Editor’s Note: This article was updated on Dec. 2, 2020, to correct the disclosures.
Choosing an exchange-traded fund, or ETF, portfolio isn’t rocket science, but it can be confusing. According to Statista, there are nearly 7,000 ETFs worldwide. Popular robo-advisors like, Wealthfront and Betterment, have best-of-breed advisors and investment officers to cull the universe of available funds. Robo-advisors, or digital investment managers, craft investment portfolios that strive to deliver strong returns and reasonable risk. Most of the robo-advisor ETFs are low-fee and diversified.
To help you create a diversified investment portfolio, we reviewed the basic ETFs recommended by the five biggest robo advisors for their clients. All assets under management information was gathered and current as of mid-year, 2020.
Coming in with more than $161 billion assets under management AUM is Vanguard’s Personal Advisor Services. Just this year, Vanguard rolled out an all-digital platform called Vanguard Digital Advisors. The ETFs used in this platform are more transparent than those owned in the Personal Advisor Services so we’re using them instead.
Next is Schwab’s (NYSE:SCHW) Intelligent Portfolios with more than $40.7 billion AUM.
Third place is Betterment with $22 billion AUM.
Wealthfront is the fourth largest robo-advisor with $21 billion AUM.
Personal Capital rounds out the list with $14 billion AUM.
The diversification for each robo-advisor includes a wide range of asset classes. All of the robo-advisors include a broad based U.S. stock and U.S. corporate bond fund. Additionally, each provider includes at least one international stock fund. That is where the similarities end.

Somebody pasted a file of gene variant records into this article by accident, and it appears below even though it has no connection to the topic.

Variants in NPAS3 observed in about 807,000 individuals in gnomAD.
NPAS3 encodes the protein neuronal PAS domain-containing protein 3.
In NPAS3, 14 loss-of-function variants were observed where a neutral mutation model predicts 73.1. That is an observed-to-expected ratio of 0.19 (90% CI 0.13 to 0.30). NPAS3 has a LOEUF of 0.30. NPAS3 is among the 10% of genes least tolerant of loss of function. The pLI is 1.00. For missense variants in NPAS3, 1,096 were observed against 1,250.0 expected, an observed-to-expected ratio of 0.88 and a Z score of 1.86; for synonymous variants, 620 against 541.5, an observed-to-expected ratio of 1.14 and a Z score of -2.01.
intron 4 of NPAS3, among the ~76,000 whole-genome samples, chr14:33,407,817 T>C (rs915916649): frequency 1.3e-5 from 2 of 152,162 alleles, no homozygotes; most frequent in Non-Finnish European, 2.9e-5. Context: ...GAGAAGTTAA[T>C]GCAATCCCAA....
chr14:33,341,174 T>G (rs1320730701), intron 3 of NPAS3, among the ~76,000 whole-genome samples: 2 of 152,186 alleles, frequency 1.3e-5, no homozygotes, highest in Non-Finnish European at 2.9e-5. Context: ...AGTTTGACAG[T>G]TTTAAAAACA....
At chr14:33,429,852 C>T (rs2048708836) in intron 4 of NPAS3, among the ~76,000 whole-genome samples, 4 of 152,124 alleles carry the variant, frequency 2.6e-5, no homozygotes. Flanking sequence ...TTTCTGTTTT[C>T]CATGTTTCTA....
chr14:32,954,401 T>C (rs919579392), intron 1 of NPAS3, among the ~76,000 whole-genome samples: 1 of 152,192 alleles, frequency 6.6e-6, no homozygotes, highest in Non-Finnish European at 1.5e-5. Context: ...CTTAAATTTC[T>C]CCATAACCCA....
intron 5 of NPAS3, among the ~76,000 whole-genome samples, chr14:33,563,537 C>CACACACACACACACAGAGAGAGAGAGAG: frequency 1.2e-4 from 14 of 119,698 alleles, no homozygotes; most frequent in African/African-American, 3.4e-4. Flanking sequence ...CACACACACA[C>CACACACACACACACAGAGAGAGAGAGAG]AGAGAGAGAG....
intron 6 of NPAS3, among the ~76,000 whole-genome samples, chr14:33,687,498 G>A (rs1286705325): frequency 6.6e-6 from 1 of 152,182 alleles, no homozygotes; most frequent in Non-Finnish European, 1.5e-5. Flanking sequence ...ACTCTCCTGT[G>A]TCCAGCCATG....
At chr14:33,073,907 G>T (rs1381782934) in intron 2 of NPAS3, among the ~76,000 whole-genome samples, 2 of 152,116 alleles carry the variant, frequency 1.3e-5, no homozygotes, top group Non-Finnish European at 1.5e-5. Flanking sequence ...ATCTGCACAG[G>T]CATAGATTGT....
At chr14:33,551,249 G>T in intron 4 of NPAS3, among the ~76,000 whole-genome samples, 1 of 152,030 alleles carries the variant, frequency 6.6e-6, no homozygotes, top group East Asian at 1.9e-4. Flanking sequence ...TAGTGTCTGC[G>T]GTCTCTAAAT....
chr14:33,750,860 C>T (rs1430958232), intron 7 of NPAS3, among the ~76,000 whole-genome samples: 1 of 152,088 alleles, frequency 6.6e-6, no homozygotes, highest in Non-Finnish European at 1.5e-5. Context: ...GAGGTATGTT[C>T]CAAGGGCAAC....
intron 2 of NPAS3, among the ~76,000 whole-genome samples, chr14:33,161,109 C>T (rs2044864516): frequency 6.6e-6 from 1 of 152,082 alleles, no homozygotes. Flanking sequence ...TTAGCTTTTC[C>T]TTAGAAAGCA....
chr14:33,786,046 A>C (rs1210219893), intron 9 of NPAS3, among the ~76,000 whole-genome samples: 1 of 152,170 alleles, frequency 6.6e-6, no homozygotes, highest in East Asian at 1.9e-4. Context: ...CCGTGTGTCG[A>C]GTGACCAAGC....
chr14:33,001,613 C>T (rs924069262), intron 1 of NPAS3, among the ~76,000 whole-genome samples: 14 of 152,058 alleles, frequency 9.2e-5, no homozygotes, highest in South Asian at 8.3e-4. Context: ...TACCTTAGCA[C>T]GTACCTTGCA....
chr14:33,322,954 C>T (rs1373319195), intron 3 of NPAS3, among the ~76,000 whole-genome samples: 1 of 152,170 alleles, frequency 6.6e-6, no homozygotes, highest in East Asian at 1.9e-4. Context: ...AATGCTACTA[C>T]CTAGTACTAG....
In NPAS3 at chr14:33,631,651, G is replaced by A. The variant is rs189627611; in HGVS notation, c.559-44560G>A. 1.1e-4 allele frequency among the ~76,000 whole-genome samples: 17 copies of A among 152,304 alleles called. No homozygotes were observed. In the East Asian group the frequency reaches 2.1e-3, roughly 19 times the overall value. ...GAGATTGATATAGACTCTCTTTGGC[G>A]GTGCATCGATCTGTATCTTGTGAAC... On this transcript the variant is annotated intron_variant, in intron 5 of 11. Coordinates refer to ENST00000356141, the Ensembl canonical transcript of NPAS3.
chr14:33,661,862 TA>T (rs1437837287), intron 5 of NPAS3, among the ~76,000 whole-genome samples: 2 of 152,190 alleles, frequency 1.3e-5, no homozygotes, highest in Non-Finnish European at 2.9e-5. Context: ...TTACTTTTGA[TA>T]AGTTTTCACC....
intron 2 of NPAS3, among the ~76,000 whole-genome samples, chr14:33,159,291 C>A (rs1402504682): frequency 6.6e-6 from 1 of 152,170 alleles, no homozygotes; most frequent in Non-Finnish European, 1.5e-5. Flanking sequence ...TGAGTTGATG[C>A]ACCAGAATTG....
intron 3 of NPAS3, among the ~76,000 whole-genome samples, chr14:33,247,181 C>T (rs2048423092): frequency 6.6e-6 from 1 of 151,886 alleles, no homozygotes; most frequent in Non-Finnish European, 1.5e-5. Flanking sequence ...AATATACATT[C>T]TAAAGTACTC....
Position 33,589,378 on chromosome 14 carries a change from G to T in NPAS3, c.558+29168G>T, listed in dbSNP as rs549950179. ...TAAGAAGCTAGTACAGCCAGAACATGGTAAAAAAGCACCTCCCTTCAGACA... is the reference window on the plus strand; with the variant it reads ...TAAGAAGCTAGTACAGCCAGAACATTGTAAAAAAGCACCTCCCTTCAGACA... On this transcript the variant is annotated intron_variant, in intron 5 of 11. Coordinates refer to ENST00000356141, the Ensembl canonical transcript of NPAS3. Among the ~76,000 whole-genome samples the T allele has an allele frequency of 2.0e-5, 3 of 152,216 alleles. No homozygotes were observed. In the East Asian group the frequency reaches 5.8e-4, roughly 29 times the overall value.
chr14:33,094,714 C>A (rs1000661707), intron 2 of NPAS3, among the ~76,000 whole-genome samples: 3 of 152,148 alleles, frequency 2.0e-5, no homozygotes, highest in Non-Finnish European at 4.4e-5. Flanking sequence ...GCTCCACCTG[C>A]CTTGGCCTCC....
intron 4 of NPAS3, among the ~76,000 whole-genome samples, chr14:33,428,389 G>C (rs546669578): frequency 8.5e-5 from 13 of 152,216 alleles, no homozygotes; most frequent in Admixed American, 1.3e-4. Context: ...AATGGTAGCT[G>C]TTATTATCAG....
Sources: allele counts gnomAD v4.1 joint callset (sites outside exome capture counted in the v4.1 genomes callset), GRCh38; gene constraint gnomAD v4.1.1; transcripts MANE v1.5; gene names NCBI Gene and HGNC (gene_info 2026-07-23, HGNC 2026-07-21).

On the low end, the Vanguard Digital robo includes only four ETFs that represent U.S. and international stock funds and U.S. and International bond funds.
While Schwab Intelligent Advisors portfolios include 19 ETFs representing various corners of the investment markets. In the Schwab equity, or stock choices, there are several “fundamental” as well as “market capitalization weighted” funds.
The market capitalization of each stock is calculated by multiplying the share price by number of shares outstanding. The companies with the greatest market capitalization are weighted more highly than those with small market caps. While fundamental indexes use factors such as sales, cash flow, dividends and buy backs to weight the stocks. This gives a greater advantage to value stocks, within the index.